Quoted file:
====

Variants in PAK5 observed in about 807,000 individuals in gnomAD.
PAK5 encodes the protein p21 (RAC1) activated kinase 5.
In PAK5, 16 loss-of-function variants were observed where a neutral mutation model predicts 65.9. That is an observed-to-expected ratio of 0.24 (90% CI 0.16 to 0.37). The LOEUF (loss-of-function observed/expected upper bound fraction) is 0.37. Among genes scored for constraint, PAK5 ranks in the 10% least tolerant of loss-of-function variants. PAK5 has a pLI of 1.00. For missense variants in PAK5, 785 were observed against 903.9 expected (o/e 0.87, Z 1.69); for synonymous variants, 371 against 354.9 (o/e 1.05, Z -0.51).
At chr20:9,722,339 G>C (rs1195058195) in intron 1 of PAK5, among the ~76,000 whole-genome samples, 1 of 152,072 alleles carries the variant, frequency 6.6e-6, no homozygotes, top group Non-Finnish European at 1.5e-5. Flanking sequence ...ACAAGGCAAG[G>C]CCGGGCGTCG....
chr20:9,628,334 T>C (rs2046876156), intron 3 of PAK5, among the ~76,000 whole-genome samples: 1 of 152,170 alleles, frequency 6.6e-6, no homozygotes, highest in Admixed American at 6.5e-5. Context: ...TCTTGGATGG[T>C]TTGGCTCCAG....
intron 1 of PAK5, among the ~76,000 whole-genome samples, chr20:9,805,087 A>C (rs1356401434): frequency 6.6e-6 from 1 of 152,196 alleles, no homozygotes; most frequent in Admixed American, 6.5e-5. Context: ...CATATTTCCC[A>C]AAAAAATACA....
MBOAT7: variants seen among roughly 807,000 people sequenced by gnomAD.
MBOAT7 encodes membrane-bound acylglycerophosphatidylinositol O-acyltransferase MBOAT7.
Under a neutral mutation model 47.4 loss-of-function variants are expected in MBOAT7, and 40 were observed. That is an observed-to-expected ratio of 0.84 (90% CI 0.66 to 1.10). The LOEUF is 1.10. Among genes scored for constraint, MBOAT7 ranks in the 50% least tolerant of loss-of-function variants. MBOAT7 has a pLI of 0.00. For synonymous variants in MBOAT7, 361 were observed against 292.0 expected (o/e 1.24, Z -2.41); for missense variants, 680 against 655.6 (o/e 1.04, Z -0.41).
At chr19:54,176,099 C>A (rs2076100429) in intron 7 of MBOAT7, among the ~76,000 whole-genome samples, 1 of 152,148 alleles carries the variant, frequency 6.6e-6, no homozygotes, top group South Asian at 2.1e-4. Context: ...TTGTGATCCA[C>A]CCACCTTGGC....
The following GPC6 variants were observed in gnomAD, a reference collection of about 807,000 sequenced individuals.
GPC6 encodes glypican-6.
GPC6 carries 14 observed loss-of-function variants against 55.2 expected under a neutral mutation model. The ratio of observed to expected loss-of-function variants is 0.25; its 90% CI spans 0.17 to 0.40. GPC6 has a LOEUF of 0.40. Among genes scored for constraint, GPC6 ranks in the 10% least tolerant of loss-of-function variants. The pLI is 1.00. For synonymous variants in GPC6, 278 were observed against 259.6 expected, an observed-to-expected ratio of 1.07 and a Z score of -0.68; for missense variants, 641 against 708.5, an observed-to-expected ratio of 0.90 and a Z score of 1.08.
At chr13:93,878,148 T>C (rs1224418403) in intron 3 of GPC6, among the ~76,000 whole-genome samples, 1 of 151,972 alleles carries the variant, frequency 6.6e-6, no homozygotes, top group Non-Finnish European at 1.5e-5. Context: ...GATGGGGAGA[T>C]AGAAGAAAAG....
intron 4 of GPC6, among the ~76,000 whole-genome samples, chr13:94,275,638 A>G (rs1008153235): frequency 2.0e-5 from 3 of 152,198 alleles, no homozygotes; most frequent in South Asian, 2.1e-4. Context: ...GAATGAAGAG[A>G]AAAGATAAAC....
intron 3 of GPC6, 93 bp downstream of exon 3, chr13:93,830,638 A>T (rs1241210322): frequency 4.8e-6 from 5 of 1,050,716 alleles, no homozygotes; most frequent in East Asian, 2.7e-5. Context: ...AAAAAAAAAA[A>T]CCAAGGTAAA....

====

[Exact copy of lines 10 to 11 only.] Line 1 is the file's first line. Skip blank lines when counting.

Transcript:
At chr19:54,176,099 C>A (rs2076100429) in intron 7 of MBOAT7, among the ~76,000 whole-genome samples, 1 of 152,148 alleles carries the variant, frequency 6.6e-6, no homozygotes, top group South Asian at 2.1e-4. Context: ...TTGTGATCCA[C>A]CCACCTTGGC....
The following GPC6 variants were observed in gnomAD, a reference collection of about 807,000 sequenced individuals.